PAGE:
Listen my doctor and you shall hear
Of the midnight ride of Paul Revere….
You know the rest. In the books you have read
How the British regulars fired and fled, —
How the farmers gave them ball for ball,
From behind each fence and farmyard-wall,
Chasing the red-coats down the lane,
Then crossing the fields to emerge again
Under the trees at the turn of the road,
And only pausing to fire and load.
For many many people from New Zealand through India and much of Europe to Canada, there is a certain pleasure in anything that conjures up images of British regulars (even if they were mostly German) being put to flight even if those putting them to flight were mostly English.
The Midnight Ride is a stirring poem that boys everywhere, except maybe England, respond to, the fact that it is part of second amendment mythology – the right to bear arms – notwithstanding.
In the wake of the recent Florida school shooting, John Stone who runs the Age of Autism website had a surprise. Many of the American respondents whom he thought he knew well from correspondence over several years and whom he respected for their views on vaccines and science had views on gun control that surprised him – they were in favour of the right to bear arms.
When people you respect, holding views you respect, present cogent arguments in favour of a position you had previously considered anathema, it can be confronting.
Should he have been surprised?
At first blush people on a site detailing the things that can go wrong with vaccines, the causes of concern with the science, and the injuries their children have suffered, look and sound very much like parents in the wake of a school shooting, who, surrounded by carnage, want the massacre to stop.
Several times in the last two decades, I have put it to American friends – “liberals” I guess – that one way to spread word about the risks of antidepressant induced suicides and mass homicides, like the Aurora killings, would be to enlist the NRA.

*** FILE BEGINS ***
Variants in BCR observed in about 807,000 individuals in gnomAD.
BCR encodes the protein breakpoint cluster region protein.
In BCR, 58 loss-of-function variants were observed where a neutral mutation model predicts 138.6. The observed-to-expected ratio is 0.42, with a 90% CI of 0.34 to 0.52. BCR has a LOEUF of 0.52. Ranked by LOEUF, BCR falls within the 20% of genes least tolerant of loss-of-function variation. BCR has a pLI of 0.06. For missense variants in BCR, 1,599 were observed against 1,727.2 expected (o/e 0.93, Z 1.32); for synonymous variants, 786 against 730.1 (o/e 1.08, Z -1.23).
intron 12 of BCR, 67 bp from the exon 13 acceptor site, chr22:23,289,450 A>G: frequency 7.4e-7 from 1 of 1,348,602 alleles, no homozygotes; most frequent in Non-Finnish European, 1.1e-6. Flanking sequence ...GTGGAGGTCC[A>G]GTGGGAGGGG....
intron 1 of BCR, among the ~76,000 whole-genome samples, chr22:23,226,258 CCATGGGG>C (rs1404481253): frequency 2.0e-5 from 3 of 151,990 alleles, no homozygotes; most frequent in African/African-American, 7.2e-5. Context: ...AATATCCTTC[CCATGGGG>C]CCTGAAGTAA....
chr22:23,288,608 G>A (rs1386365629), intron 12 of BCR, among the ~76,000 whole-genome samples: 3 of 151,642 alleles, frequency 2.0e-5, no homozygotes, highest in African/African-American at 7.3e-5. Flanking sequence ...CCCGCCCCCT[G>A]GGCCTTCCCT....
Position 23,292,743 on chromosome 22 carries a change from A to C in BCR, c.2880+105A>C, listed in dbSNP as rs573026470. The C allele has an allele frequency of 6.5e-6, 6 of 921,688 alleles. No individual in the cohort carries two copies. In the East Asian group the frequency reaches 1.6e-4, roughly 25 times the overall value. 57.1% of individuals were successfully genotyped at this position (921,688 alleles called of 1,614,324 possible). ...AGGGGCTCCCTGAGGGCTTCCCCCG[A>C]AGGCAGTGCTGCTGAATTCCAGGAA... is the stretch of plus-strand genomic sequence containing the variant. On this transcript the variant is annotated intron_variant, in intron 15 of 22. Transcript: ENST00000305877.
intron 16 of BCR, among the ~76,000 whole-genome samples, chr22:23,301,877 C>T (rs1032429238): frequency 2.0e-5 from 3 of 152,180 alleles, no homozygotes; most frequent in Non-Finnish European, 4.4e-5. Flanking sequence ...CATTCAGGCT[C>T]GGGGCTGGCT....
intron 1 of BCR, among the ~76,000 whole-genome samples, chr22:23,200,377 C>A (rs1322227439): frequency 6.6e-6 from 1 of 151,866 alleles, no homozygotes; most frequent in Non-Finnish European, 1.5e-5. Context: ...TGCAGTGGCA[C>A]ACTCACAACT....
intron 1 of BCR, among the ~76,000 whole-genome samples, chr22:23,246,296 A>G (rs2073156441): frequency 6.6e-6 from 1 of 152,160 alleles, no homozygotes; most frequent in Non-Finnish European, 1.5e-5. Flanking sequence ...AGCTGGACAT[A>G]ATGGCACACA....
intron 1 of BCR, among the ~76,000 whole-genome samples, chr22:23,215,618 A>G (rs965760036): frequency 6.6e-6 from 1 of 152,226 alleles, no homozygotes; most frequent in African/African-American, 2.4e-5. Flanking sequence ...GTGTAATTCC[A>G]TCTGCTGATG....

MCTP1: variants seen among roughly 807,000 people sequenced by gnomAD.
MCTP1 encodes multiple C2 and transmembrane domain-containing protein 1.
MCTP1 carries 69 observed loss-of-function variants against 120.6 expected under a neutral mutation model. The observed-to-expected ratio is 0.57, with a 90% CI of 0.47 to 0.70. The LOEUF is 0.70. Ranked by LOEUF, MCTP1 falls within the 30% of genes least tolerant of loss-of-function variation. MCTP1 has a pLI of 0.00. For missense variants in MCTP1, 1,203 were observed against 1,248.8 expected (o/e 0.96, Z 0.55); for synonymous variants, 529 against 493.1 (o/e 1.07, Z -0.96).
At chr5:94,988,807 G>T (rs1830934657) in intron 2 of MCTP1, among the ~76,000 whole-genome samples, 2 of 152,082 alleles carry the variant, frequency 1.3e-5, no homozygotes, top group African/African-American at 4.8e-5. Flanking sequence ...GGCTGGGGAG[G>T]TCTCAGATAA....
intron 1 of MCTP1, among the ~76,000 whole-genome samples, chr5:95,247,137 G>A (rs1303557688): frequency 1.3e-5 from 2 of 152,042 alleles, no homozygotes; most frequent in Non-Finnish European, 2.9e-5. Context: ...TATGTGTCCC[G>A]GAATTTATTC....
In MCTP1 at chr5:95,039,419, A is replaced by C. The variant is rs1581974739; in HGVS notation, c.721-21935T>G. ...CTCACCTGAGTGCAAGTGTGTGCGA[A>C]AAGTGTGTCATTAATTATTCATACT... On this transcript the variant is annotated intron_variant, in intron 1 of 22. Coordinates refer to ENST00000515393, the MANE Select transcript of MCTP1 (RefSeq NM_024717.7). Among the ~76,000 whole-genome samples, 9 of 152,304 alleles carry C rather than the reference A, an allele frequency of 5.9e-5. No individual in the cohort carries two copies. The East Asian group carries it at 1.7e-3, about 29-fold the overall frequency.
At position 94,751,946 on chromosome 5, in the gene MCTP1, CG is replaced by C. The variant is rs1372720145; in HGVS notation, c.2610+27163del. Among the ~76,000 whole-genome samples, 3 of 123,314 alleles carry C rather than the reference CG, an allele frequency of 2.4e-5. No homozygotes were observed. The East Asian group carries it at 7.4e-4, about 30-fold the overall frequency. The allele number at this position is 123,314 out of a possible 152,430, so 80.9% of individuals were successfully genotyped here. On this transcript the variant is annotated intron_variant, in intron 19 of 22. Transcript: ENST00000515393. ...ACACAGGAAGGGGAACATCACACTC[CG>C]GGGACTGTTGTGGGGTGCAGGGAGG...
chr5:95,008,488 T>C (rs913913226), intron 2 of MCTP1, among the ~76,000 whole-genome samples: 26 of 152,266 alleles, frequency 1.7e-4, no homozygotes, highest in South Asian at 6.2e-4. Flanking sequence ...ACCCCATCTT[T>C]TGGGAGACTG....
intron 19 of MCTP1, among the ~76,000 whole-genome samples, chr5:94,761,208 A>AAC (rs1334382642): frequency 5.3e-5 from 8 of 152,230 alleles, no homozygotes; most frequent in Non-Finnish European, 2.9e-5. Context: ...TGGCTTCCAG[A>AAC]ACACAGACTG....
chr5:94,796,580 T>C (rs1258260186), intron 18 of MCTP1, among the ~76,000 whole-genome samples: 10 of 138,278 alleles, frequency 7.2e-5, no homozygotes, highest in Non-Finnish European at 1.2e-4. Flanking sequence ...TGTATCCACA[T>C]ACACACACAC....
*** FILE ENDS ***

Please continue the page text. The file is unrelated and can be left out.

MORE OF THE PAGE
Having Wayne La Pierre up there saying its not guns that kill people, it’s the mind-altering meds that cause the problem, would be a coup that money couldn’t buy.
My friends react with horror. From their point of view, this hasn’t looked like a possible marriage. There is much more interest from the guns side.
Chances are however that many of the Americans reporting drug wrecks on RxISK feel just the same about guns as those reporting vaccine damage to Age of Autism. They likely to think the drugs are a problem, but guns are a rather good thing – for the bears and pests around the place. (The worst we have where I live is seagulls but there are times during the summer when an airgun looks appealing).
And, while there is a undoubtedly a liberal conspiracy to lump people in favour of guns together with anti-vaxxers, the most anti-gun people and organizations – like the Guardian or New York Times – are the most violently pro-vaccine, and among the most reluctant to say anything bad about a drug.
What ties a belief in guns, and drugs and vaccines together is efficacy. They all “work”. And we want things that “work” and would regard it as a denial of our human rights were we to be prevented from having agents to minimise the risks that we and our families face.
The overwhelming majority of us – the 99% – fall into this group.
There are then a small number of us who were probably reasonably pro guns or would be if faced with bears and seagulls, who have been injured by them, or horrified by the media coverage of the injuries of others.
And a small number who were pro-vaccine – otherwise we wouldn’t have gone ahead with the procedure – but who in the wake of injuries to our children are left rueing the day we took them to get the jab.
And a small number who were pro-drug, but have been badly injured and, seeking answers for what has happened, find that the pro-drug hype is all ghostwritten and there is no access to data that shows that companies and medical academics knew about the very harms that have happened to us or our families.
But too late. Our calls at that point to others to beware fall on deaf ears. In a risky world, our calls add to the risks, making the need for things that work more compelling. What’s the answer to a bad drug – a good drug. The more school shootings the greater the need for arms.
There is very little incentive for those injured by guns, and vaccines and drugs to unite. The injuries create silos rather than common cause.
Watching on almost parallel screens this week, Wayne La Pierre in the wake of the Florida shootings and a string of British Psychs (regulars) like Cipriani, Pariente and Wessely arguing for the miraculous efficacy of antidepressants, the similarities were striking. Who in their right mind would want to take away things that work from anyone? Who in their right mind would let them?
The NRA lobby is famous but they must envy the Royal College of Psychiatrist’s ability to get the message across. The RCPsych and a lot of British medicine have the SMC – Science Media Centre – getting into whose meetings is about as easy as getting into NRA headquarters uninvited. The SMC appear to control broadcasters like BBC and newspapers on both the right and the left. The BBC will happily interrogate the NRA vigorously but never mention the existence of SMC.